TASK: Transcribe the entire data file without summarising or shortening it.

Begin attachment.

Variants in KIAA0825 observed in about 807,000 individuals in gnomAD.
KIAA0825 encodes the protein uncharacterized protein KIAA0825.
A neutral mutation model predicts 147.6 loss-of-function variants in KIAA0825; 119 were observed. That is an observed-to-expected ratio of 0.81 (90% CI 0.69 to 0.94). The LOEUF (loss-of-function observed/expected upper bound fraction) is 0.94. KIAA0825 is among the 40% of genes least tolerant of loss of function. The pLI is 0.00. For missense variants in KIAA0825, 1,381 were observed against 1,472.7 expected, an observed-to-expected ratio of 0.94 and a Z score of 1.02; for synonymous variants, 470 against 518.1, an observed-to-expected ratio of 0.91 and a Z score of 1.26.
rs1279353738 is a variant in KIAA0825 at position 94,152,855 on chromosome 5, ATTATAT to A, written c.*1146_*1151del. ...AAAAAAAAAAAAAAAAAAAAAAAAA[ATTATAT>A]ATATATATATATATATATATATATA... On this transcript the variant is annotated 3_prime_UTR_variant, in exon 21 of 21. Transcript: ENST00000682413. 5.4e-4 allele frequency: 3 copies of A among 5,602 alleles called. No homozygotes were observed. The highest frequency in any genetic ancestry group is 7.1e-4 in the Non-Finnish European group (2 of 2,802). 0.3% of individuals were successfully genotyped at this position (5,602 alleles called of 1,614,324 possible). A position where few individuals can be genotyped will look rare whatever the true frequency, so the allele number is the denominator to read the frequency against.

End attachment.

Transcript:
Variants in KIAA0825 observed in about 807,000 individuals in gnomAD.
KIAA0825 encodes the protein uncharacterized protein KIAA0825.
A neutral mutation model predicts 147.6 loss-of-function variants in KIAA0825; 119 were observed. That is an observed-to-expected ratio of 0.81 (90% CI 0.69 to 0.94). The LOEUF (loss-of-function observed/expected upper bound fraction) is 0.94. KIAA0825 is among the 40% of genes least tolerant of loss of function. The pLI is 0.00. For missense variants in KIAA0825, 1,381 were observed against 1,472.7 expected, an observed-to-expected ratio of 0.94 and a Z score of 1.02; for synonymous variants, 470 against 518.1, an observed-to-expected ratio of 0.91 and a Z score of 1.26.
rs1279353738 is a variant in KIAA0825 at position 94,152,855 on chromosome 5, ATTATAT to A, written c.*1146_*1151del. ...AAAAAAAAAAAAAAAAAAAAAAAAA[ATTATAT>A]ATATATATATATATATATATATATA... On this transcript the variant is annotated 3_prime_UTR_variant, in exon 21 of 21. Transcript: ENST00000682413. 5.4e-4 allele frequency: 3 copies of A among 5,602 alleles called. No homozygotes were observed. The highest frequency in any genetic ancestry group is 7.1e-4 in the Non-Finnish European group (2 of 2,802). 0.3% of individuals were successfully genotyped at this position (5,602 alleles called of 1,614,324 possible). A position where few individuals can be genotyped will look rare whatever the true frequency, so the allele number is the denominator to read the frequency against.